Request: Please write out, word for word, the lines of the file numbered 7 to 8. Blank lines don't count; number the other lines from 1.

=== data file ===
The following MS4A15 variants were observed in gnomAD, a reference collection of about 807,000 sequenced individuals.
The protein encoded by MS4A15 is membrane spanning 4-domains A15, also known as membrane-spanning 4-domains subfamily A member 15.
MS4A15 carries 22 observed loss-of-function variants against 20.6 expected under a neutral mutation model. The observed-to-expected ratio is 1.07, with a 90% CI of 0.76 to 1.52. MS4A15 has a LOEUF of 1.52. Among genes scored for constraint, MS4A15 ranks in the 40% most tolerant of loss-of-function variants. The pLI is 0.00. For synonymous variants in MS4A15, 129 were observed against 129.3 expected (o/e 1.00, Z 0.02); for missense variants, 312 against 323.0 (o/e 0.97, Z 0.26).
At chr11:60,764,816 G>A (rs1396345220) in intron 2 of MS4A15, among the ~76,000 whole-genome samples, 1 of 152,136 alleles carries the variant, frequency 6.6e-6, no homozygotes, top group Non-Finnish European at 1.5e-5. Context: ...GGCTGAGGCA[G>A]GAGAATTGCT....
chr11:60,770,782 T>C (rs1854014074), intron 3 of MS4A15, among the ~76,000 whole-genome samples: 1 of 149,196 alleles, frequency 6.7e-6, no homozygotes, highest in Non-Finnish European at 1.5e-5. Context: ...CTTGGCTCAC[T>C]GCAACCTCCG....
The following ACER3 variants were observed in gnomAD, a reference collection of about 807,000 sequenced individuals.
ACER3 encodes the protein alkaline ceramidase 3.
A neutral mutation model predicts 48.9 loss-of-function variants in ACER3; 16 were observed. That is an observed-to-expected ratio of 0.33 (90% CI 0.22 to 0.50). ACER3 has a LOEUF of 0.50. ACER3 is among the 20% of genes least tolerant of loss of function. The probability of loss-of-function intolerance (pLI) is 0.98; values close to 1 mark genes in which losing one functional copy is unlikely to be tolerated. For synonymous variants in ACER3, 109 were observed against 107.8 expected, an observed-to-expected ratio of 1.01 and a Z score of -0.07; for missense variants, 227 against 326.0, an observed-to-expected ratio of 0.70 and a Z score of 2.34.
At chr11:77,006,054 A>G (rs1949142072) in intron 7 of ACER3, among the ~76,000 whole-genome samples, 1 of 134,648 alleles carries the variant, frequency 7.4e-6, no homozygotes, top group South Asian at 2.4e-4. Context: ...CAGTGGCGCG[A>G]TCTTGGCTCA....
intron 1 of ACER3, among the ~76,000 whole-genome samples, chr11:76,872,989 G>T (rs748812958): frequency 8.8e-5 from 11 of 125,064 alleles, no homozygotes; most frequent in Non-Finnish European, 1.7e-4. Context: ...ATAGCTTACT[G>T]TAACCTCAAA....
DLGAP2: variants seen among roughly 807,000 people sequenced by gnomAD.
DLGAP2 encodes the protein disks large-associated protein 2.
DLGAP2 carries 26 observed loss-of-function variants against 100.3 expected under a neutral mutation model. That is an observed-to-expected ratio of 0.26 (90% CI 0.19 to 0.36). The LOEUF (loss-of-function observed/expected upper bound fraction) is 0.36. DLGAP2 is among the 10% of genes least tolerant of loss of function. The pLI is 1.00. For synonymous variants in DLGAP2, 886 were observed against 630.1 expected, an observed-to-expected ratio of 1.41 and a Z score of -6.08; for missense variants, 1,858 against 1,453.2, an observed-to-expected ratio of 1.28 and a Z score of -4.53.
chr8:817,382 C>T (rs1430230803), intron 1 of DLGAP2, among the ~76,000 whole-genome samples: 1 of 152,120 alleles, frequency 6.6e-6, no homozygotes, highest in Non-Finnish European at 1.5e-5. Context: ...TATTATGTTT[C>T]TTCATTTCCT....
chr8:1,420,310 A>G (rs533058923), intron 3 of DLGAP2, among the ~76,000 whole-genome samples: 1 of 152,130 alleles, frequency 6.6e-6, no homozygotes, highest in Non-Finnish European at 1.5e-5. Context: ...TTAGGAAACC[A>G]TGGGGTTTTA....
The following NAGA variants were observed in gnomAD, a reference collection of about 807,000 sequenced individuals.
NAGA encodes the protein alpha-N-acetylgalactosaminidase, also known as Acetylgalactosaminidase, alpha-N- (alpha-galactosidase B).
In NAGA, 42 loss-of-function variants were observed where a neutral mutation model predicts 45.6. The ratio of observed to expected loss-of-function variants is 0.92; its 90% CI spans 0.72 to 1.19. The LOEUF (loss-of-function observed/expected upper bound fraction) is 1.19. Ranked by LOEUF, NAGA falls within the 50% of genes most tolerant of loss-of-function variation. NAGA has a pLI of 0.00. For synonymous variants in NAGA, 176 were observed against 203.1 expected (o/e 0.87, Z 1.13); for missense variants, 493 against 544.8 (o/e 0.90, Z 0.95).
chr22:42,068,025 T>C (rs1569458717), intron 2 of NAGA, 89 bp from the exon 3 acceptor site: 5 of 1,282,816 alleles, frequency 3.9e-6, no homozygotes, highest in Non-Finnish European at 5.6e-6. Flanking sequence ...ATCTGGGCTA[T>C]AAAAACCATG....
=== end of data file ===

ACER3 encodes the protein alkaline ceramidase 3.
A neutral mutation model predicts 48.9 loss-of-function variants in ACER3; 16 were observed. That is an observed-to-expected ratio of 0.33 (90% CI 0.22 to 0.50). ACER3 has a LOEUF of 0.50. ACER3 is among the 20% of genes least tolerant of loss of function. The probability of loss-of-function intolerance (pLI) is 0.98; values close to 1 mark genes in which losing one functional copy is unlikely to be tolerated. For synonymous variants in ACER3, 109 were observed against 107.8 expected, an observed-to-expected ratio of 1.01 and a Z score of -0.07; for missense variants, 227 against 326.0, an observed-to-expected ratio of 0.70 and a Z score of 2.34.